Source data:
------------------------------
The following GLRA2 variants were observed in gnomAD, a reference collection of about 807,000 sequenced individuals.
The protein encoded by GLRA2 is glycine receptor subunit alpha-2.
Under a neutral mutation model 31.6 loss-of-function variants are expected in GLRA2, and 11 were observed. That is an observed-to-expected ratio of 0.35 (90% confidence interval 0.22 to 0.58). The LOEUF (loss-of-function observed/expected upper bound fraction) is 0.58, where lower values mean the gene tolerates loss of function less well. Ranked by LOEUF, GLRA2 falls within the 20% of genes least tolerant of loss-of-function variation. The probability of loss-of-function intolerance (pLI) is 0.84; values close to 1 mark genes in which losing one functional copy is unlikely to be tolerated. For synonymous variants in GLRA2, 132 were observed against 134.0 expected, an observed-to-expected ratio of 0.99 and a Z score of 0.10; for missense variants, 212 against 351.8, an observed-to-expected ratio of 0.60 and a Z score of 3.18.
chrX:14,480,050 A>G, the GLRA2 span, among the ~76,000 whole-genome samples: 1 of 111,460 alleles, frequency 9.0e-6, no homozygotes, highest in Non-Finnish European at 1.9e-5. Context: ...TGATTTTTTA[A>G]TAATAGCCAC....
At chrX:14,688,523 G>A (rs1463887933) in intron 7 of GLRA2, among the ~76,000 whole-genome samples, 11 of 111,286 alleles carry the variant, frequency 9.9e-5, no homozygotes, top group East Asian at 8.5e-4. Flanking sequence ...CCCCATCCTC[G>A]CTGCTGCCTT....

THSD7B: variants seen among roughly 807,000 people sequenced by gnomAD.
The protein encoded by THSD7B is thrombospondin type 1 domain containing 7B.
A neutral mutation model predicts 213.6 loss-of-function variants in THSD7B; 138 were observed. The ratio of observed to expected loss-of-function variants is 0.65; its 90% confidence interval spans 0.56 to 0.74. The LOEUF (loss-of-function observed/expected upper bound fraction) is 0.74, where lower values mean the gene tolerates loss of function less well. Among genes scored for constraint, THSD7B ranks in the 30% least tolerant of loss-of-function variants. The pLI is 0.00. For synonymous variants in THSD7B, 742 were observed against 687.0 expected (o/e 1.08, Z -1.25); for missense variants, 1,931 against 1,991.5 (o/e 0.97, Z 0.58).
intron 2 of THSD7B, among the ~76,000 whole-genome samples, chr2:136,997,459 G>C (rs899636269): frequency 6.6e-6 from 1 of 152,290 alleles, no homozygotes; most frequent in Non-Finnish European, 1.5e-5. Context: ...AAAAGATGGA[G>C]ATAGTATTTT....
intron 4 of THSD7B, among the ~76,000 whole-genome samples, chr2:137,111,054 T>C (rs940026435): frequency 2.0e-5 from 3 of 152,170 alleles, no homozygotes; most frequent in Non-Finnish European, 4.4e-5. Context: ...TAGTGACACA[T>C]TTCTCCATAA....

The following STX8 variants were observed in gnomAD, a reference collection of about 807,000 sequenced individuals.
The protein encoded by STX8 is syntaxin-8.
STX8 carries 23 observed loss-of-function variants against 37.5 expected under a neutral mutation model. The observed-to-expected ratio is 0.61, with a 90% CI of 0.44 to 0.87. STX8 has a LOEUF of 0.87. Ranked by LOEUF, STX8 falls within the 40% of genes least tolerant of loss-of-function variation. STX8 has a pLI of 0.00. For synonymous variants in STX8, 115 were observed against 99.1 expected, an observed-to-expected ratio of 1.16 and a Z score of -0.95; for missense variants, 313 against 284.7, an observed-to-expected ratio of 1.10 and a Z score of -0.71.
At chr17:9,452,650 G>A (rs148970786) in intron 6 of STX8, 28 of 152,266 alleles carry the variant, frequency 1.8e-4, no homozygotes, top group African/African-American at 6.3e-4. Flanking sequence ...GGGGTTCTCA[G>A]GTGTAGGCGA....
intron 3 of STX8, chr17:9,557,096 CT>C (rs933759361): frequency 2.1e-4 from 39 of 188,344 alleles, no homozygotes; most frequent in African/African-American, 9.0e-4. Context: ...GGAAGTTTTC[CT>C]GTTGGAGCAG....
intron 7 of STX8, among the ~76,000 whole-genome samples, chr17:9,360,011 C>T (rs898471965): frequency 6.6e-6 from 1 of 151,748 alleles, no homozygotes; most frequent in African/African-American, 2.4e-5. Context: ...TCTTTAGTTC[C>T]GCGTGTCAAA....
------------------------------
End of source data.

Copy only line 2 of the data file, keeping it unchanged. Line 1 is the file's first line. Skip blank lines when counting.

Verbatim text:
The protein encoded by GLRA2 is glycine receptor subunit alpha-2.